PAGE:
Hot on the heels of the decision to
eliminate non-degradable plastic bags, Foster’s supermarkets have now
introduced degradable food take-away containers in all of their stores.
Foster’s Director Woody Foster said
once the decision to eliminate non-degradable plastic bags was made, the
company thought it could go even further with its efforts to go green.
Tanya Foster, deli and bakery
senior manager said the stores had been going through 16,000 Styrofoam
containers a week. The new containers were introduced on Monday, 10 August, and
within about a day, all the stores had completed the transition to the new
“We were researching this for a
while, working with the vendor in the United States,” said Ms Foster. “We
actually wanted to have them in the stores sooner, but we had to wait on the
order on their end due to its size.”
The containers are made of natural
fibres and begin to degrade in about 90 days, resulting in a much-reduced
impact when they enter the George Town landfill. Instead of lasting a lifetime,
the containers slowly turn into compost.
“We need to cut back on our waste
here in Cayman and this is one way we can do it,” she said.
But since the containers are a
change from the previous product, Ms Foster says they may take some getting
“They are heat resistant and grease
resistant, but because they are made from fibre you can feel the heat and they
are not quite as rigid as the Styrofoam ones,” she said.
“Because they breathe a bit more
than the old containers, people might think they won’t last until they get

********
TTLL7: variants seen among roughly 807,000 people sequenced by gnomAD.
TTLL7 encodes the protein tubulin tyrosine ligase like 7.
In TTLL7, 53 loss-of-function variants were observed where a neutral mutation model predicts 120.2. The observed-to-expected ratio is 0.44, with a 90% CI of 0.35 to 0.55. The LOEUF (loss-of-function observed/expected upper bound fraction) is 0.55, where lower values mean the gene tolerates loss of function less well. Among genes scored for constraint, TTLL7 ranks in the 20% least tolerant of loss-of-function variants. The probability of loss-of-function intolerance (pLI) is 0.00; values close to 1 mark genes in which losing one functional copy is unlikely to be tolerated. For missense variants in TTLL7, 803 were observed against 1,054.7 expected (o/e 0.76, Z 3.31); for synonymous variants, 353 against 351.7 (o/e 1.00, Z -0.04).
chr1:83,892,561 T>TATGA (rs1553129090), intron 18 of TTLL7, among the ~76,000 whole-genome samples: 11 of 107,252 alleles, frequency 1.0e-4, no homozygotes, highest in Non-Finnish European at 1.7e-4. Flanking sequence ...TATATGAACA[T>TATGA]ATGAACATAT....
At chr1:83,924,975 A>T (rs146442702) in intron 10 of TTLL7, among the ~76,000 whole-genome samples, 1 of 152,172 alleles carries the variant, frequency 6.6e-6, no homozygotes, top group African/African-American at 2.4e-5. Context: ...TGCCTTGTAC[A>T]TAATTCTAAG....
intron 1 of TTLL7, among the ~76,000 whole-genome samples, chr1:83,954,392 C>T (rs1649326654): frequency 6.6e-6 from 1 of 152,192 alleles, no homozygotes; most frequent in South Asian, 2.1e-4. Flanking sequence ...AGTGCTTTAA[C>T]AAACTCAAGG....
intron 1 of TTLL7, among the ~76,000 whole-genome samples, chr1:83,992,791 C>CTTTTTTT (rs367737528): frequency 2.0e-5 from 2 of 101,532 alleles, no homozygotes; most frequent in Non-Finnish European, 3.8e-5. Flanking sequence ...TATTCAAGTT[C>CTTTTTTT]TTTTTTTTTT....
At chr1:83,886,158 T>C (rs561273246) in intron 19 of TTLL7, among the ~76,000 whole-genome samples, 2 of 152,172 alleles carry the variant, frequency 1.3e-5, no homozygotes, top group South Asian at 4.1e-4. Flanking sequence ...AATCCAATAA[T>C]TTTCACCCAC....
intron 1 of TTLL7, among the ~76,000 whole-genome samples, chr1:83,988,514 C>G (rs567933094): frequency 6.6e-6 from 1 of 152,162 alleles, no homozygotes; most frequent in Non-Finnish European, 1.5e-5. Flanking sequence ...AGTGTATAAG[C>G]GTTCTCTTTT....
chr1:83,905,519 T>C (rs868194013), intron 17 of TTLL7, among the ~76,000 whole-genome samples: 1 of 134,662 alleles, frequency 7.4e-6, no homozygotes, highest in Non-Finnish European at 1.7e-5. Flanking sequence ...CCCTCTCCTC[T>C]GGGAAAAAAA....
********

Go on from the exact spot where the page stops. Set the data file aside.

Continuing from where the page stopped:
home, but they do. We’ve done quite a bit of testing.”
Mr. Foster says the testing
included filling a container with oxtail, curry goat and water.
“We let it sit for thirteen-and-a-half
hours, then put it in the microwave and it was fine,” he said.
“If we do find that they have
bigger issues over time, we will bring in another brand. But we are definitely
not going back to Styrofoam.”
Some customers were more than a
little irritated at the change. Last week, said Ms Foster, one customer dropped
her container on the floor, stomped on it and left the store in apparent
But at Foster’s airport location on
Monday morning, customers picking up hot breakfast seemed to be generally
supportive of the new containers.
“I really don’t see a big
difference,” said Dominic Foster (no relation to Foster’s store owners). “Plus
I think it’s good that they are now compostable.”
Gary Bradshaw had no complaints.
“I think they are fine and I think
the change is good absolutely since it makes a difference for the environment,”
Mary Walters hadn’t really paid
much attention to the change but said she thought it was a good development in
terms of the environmental impact.
Fitzgerald Smith, though supportive
of their green qualities, mentioned that the containers seem to be a bit
heavier than the ones they replaced. At the moment, cashiers don’t take off the
weight of the container from the final price.
“Even if it adds just a little to
the price, it does make a difference all the same,” said Mr. Smith.
The container adds roughly 20 cents
to the overall price.
Mr. Foster said the company
recognises there are quite a few products in their stores that can be changed
for greener alternatives and will be making changes over time.
“What people don’t realise is that
going green is not cheap,” he said.
“We have heard people say that they
think it is a way for us to be cheaper, but these containers actually cost over
three times as much,” said Mr. Foster. “But this is what we will be carrying
from now on.”